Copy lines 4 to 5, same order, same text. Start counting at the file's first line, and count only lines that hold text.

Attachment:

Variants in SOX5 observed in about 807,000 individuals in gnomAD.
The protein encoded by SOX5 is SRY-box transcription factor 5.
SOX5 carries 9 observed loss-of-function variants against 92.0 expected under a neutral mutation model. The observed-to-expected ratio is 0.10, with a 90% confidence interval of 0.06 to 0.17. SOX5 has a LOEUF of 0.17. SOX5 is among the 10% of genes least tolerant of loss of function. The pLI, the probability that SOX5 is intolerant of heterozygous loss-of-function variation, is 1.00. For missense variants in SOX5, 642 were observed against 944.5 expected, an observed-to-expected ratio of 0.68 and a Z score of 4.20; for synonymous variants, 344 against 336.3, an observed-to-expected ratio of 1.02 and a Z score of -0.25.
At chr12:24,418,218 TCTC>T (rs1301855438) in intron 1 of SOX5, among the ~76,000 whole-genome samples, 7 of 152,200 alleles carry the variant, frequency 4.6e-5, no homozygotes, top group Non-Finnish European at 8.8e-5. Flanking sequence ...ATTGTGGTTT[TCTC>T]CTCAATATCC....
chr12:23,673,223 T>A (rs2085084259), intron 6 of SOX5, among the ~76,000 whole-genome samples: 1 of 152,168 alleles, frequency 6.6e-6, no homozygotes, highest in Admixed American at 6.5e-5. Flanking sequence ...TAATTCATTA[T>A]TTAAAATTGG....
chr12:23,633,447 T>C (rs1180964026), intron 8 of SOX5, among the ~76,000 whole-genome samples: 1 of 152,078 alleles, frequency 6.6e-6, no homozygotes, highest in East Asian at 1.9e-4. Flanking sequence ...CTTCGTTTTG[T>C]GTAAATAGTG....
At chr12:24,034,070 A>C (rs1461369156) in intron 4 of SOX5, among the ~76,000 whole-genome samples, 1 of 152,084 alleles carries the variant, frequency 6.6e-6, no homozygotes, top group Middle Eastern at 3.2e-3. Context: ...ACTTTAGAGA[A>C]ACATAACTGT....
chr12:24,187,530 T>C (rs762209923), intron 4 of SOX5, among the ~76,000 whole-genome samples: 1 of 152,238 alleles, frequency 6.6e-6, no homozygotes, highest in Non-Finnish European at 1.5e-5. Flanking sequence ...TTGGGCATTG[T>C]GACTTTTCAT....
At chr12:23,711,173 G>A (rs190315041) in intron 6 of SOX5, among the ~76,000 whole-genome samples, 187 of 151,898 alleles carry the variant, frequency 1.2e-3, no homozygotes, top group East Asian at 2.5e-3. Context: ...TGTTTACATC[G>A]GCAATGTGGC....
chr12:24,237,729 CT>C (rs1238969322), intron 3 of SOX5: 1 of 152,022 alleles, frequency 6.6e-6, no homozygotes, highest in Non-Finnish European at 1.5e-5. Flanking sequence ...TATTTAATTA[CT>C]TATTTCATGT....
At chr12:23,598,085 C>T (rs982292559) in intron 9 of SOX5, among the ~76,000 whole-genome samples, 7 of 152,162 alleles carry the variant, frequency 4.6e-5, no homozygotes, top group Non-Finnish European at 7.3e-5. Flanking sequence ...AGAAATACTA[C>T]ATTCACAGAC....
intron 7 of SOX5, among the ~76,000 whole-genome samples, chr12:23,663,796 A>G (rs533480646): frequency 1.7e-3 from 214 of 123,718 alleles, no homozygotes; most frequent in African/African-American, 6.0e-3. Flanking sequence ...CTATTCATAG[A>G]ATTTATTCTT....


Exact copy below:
At chr12:24,418,218 TCTC>T (rs1301855438) in intron 1 of SOX5, among the ~76,000 whole-genome samples, 7 of 152,200 alleles carry the variant, frequency 4.6e-5, no homozygotes, top group Non-Finnish European at 8.8e-5. Flanking sequence ...ATTGTGGTTT[TCTC>T]CTCAATATCC....
chr12:23,673,223 T>A (rs2085084259), intron 6 of SOX5, among the ~76,000 whole-genome samples: 1 of 152,168 alleles, frequency 6.6e-6, no homozygotes, highest in Admixed American at 6.5e-5. Flanking sequence ...TAATTCATTA[T>A]TTAAAATTGG....